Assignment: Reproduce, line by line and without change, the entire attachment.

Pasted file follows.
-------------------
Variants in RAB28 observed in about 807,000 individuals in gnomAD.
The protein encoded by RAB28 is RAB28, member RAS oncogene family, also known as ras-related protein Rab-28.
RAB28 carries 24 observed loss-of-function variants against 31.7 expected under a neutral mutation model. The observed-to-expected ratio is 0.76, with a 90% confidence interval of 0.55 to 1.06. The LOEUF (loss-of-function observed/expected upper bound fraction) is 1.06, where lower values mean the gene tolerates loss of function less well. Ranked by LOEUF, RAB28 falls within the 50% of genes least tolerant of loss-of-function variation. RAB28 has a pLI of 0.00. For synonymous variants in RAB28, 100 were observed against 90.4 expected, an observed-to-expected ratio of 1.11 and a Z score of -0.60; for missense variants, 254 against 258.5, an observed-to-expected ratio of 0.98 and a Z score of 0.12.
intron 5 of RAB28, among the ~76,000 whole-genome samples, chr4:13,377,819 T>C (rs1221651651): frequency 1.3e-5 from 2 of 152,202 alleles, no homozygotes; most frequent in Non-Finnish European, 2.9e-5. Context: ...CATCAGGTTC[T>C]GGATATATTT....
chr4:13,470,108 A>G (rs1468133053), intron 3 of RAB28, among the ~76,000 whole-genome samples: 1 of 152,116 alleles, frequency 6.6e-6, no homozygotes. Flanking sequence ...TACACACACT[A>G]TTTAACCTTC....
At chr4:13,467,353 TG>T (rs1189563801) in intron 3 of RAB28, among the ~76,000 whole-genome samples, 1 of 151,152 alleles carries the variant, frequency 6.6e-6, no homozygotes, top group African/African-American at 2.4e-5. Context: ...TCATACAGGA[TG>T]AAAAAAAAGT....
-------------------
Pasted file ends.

Variants in RAB28 observed in about 807,000 individuals in gnomAD.
The protein encoded by RAB28 is RAB28, member RAS oncogene family, also known as ras-related protein Rab-28.
RAB28 carries 24 observed loss-of-function variants against 31.7 expected under a neutral mutation model. The observed-to-expected ratio is 0.76, with a 90% confidence interval of 0.55 to 1.06. The LOEUF (loss-of-function observed/expected upper bound fraction) is 1.06, where lower values mean the gene tolerates loss of function less well. Ranked by LOEUF, RAB28 falls within the 50% of genes least tolerant of loss-of-function variation. RAB28 has a pLI of 0.00. For synonymous variants in RAB28, 100 were observed against 90.4 expected, an observed-to-expected ratio of 1.11 and a Z score of -0.60; for missense variants, 254 against 258.5, an observed-to-expected ratio of 0.98 and a Z score of 0.12.
intron 5 of RAB28, among the ~76,000 whole-genome samples, chr4:13,377,819 T>C (rs1221651651): frequency 1.3e-5 from 2 of 152,202 alleles, no homozygotes; most frequent in Non-Finnish European, 2.9e-5. Context: ...CATCAGGTTC[T>C]GGATATATTT....
chr4:13,470,108 A>G (rs1468133053), intron 3 of RAB28, among the ~76,000 whole-genome samples: 1 of 152,116 alleles, frequency 6.6e-6, no homozygotes. Flanking sequence ...TACACACACT[A>G]TTTAACCTTC....
At chr4:13,467,353 TG>T (rs1189563801) in intron 3 of RAB28, among the ~76,000 whole-genome samples, 1 of 151,152 alleles carries the variant, frequency 6.6e-6, no homozygotes, top group African/African-American at 2.4e-5. Context: ...TCATACAGGA[TG>T]AAAAAAAAGT....